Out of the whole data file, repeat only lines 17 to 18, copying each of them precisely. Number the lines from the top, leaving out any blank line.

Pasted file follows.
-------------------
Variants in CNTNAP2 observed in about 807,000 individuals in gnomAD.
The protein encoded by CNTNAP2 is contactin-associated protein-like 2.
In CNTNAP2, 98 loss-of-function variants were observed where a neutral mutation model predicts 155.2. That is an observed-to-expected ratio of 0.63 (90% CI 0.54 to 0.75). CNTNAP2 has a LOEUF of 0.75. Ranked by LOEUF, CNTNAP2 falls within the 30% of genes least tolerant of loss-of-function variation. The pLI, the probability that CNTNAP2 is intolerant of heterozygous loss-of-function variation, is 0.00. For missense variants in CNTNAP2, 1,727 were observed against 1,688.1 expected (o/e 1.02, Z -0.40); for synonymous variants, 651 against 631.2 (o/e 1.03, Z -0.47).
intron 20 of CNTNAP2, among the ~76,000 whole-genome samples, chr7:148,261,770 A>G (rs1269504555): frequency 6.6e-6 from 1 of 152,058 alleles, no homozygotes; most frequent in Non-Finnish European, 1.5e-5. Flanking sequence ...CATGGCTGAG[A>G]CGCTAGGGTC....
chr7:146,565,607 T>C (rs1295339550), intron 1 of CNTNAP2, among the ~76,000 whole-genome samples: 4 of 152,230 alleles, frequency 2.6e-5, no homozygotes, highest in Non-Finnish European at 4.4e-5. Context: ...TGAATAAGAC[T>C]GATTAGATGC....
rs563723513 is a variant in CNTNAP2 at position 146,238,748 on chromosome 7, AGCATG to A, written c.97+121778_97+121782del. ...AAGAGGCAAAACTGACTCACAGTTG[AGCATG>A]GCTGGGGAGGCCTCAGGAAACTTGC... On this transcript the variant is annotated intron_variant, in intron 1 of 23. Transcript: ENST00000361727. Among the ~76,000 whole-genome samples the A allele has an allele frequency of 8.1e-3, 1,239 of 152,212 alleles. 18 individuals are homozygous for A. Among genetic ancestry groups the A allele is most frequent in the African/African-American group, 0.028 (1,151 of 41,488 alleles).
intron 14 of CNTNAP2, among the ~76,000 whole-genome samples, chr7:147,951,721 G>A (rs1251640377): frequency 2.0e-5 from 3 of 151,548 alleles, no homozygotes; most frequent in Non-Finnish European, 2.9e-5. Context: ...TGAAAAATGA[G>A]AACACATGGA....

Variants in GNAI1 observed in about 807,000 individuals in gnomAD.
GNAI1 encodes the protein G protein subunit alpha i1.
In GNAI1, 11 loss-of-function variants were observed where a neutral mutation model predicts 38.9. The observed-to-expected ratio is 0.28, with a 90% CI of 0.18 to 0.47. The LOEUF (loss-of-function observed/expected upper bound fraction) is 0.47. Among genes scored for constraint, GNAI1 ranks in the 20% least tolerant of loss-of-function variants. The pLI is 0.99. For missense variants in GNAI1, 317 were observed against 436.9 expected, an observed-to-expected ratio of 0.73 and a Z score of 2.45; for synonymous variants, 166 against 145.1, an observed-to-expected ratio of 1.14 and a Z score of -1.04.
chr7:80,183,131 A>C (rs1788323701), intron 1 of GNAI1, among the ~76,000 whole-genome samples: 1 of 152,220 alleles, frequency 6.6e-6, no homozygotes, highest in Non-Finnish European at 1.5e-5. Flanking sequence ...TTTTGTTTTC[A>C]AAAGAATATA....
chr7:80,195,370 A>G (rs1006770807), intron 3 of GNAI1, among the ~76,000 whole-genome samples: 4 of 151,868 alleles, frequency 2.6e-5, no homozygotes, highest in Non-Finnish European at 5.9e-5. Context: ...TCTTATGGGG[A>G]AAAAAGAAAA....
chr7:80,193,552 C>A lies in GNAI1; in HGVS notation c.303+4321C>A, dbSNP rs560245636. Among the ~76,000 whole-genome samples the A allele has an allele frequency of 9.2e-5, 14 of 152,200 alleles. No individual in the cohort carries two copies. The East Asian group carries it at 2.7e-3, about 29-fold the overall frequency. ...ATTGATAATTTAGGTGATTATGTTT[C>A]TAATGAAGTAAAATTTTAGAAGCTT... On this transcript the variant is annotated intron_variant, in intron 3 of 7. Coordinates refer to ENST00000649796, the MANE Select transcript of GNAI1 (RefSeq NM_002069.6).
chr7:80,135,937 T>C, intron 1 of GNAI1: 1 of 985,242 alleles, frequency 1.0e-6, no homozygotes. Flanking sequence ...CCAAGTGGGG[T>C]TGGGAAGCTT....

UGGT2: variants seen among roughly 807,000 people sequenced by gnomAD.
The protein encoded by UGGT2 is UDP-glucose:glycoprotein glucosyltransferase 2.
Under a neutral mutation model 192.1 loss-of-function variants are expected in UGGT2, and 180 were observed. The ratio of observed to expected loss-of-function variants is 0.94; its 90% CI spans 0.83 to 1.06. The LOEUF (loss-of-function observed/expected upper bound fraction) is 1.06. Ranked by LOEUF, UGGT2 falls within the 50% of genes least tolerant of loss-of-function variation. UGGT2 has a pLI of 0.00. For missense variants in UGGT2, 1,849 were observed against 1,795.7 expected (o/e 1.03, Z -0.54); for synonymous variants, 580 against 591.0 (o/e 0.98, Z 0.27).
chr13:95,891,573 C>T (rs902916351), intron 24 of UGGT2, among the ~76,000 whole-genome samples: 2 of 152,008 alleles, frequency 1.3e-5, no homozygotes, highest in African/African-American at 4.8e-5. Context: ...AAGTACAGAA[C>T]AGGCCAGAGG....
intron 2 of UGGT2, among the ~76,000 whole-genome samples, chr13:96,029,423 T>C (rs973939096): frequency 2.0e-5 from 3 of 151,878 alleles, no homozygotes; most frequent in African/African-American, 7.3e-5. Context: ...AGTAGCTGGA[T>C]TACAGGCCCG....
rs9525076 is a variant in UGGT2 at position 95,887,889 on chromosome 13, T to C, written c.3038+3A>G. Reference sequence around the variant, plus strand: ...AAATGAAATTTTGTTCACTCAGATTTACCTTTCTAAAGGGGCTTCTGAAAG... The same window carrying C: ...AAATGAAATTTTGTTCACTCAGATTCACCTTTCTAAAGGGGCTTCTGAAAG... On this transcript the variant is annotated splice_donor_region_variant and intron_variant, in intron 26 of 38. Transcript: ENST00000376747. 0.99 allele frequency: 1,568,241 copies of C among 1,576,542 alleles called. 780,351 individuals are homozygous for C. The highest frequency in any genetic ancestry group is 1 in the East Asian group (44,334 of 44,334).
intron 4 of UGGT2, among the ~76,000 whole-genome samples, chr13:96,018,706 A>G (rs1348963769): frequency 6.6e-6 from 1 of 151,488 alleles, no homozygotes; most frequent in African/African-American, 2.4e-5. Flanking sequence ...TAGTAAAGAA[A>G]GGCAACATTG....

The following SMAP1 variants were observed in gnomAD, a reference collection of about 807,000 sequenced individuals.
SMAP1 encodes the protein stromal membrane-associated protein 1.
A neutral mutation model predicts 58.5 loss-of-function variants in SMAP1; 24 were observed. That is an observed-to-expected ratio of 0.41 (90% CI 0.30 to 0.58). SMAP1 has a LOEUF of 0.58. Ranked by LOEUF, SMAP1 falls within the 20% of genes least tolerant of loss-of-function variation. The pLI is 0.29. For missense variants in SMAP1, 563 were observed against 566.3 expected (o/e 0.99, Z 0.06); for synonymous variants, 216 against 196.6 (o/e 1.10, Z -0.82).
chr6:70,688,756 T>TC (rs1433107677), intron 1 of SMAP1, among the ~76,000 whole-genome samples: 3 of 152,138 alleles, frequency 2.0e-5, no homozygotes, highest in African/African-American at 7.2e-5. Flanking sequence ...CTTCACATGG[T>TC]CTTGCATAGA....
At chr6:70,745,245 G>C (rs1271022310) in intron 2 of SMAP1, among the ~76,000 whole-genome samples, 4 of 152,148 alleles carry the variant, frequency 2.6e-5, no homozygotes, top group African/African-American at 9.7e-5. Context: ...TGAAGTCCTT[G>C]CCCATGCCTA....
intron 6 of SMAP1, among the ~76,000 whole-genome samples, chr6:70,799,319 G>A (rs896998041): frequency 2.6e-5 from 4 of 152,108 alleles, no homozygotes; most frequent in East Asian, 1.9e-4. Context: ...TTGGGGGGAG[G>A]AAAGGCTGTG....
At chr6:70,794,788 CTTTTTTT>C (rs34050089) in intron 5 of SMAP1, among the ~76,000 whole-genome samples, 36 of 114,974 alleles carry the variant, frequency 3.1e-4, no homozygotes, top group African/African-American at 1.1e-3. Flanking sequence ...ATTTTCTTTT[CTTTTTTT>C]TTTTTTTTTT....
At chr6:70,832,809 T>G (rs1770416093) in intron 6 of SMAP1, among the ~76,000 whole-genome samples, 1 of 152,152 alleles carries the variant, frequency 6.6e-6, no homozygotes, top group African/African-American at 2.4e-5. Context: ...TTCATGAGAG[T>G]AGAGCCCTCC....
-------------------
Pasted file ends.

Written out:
Under a neutral mutation model 192.1 loss-of-function variants are expected in UGGT2, and 180 were observed. The ratio of observed to expected loss-of-function variants is 0.94; its 90% CI spans 0.83 to 1.06. The LOEUF (loss-of-function observed/expected upper bound fraction) is 1.06. Ranked by LOEUF, UGGT2 falls within the 50% of genes least tolerant of loss-of-function variation. UGGT2 has a pLI of 0.00. For missense variants in UGGT2, 1,849 were observed against 1,795.7 expected (o/e 1.03, Z -0.54); for synonymous variants, 580 against 591.0 (o/e 0.98, Z 0.27).
chr13:95,891,573 C>T (rs902916351), intron 24 of UGGT2, among the ~76,000 whole-genome samples: 2 of 152,008 alleles, frequency 1.3e-5, no homozygotes, highest in African/African-American at 4.8e-5. Context: ...AAGTACAGAA[C>T]AGGCCAGAGG....